What’s The Purpose Of Discernment?

Discernment ScrollThis past Sunday I asked people on Facebook and Twitter what they believe the purpose of discernment is. Happily, several people responded, and all of them had excellent answers.

Most respondents emphasized that discernment enables us to distinguish between truth and error. Several elaborated that discernment protects the Church from false teaching. I wholeheartedly agree, and I praise God for giving us such a wonderful shield against deception. So many theological aberrations compete for our attention that discernment cannot be optional.

Two friends delighted me by going a bit deeper. One noted that discernment was, at the bottom line, for God’s glory. Her answer got to the very heart of what I wanted to say in this essay. If we consider discernment as having its purpose apart from glorifying Him, we make the disastrous mistake of once again placing ourselves in the center of God’s purposes.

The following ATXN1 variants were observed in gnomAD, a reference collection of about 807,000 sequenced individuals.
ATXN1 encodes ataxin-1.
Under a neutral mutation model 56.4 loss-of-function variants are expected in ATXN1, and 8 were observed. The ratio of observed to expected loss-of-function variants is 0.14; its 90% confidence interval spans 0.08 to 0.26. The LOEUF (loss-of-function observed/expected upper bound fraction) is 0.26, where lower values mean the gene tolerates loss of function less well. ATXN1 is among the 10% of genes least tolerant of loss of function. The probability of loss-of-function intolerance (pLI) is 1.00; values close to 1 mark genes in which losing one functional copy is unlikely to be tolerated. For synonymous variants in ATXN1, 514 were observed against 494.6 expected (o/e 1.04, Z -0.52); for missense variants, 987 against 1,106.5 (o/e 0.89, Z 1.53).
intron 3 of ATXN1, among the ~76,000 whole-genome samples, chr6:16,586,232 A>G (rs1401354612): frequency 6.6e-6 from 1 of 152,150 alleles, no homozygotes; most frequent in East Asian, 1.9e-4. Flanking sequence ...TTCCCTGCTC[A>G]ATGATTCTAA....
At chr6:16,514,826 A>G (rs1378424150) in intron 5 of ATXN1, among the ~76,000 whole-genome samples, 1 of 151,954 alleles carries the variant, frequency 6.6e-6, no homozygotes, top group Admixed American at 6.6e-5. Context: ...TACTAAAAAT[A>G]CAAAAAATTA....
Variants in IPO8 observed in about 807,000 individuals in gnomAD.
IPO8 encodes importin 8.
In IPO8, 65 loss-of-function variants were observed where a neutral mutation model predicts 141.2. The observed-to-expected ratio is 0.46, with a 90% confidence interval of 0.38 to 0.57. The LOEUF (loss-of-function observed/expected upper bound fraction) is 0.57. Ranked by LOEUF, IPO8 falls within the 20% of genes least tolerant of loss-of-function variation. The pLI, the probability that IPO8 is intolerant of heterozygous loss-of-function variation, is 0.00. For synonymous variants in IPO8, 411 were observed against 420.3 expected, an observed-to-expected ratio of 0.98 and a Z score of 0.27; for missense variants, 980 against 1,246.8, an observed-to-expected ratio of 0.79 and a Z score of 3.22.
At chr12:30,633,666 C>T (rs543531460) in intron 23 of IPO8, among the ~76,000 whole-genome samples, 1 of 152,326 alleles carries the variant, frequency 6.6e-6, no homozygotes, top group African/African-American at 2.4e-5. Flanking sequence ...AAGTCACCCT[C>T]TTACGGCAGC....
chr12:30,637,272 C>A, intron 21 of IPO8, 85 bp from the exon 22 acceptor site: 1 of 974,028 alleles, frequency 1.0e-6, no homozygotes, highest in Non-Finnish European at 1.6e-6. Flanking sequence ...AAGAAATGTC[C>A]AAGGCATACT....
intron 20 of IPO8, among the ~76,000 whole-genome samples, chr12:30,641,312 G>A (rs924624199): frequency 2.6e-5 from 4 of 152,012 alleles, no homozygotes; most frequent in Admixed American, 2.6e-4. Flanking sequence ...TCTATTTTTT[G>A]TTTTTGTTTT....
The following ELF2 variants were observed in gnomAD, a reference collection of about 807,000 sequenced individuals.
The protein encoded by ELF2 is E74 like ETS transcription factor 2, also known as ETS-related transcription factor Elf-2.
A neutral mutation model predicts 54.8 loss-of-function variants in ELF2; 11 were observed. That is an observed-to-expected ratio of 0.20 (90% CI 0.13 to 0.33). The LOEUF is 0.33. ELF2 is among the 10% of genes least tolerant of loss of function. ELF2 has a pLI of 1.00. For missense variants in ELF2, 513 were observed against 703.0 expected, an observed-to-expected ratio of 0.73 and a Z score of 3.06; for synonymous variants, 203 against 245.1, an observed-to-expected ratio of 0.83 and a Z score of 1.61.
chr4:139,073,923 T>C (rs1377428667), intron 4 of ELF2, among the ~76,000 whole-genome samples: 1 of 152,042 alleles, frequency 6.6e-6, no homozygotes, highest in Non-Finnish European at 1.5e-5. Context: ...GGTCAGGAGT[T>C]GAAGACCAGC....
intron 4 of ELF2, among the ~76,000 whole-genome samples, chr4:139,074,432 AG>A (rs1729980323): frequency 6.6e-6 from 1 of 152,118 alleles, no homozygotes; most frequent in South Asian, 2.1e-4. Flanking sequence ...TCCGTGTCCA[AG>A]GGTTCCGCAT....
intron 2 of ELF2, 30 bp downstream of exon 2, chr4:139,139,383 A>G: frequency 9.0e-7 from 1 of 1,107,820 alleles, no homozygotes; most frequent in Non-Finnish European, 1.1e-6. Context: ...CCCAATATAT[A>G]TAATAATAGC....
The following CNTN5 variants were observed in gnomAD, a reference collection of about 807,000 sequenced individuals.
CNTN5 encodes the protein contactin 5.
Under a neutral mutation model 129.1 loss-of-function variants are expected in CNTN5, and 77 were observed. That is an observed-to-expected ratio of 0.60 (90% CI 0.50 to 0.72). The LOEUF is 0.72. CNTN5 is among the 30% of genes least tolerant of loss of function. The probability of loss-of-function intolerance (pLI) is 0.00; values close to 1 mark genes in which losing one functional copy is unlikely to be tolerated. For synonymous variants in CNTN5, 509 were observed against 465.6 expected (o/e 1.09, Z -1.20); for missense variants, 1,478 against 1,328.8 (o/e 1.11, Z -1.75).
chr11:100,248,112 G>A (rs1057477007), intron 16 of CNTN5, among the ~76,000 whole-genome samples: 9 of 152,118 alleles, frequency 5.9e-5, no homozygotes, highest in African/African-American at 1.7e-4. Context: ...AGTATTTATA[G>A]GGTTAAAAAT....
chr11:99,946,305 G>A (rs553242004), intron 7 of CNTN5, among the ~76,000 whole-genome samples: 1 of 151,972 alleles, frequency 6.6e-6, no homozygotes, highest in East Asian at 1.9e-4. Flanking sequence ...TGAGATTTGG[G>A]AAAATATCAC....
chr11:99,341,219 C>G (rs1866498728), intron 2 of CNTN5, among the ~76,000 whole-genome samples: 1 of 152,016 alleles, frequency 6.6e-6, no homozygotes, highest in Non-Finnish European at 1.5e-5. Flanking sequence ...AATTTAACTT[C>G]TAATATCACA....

The other friend expanded on the first friend’s answer by citing Scripture:

And it is my prayer that your love may abound more and more, with knowledge and all discernment, 10 so that you may approve what is excellent, and so be pure and blameless for the day of Christ, 11 filled with the fruit of righteousness that comes through Jesus Christ, to the glory and praise of God. ~~Philippians 1:9-11 (ESV)

He added that discernment helps us serve and love God better. My heart definitely did a happy dance when I read his comment because he so closely resembled my daily prayer concerning discernment.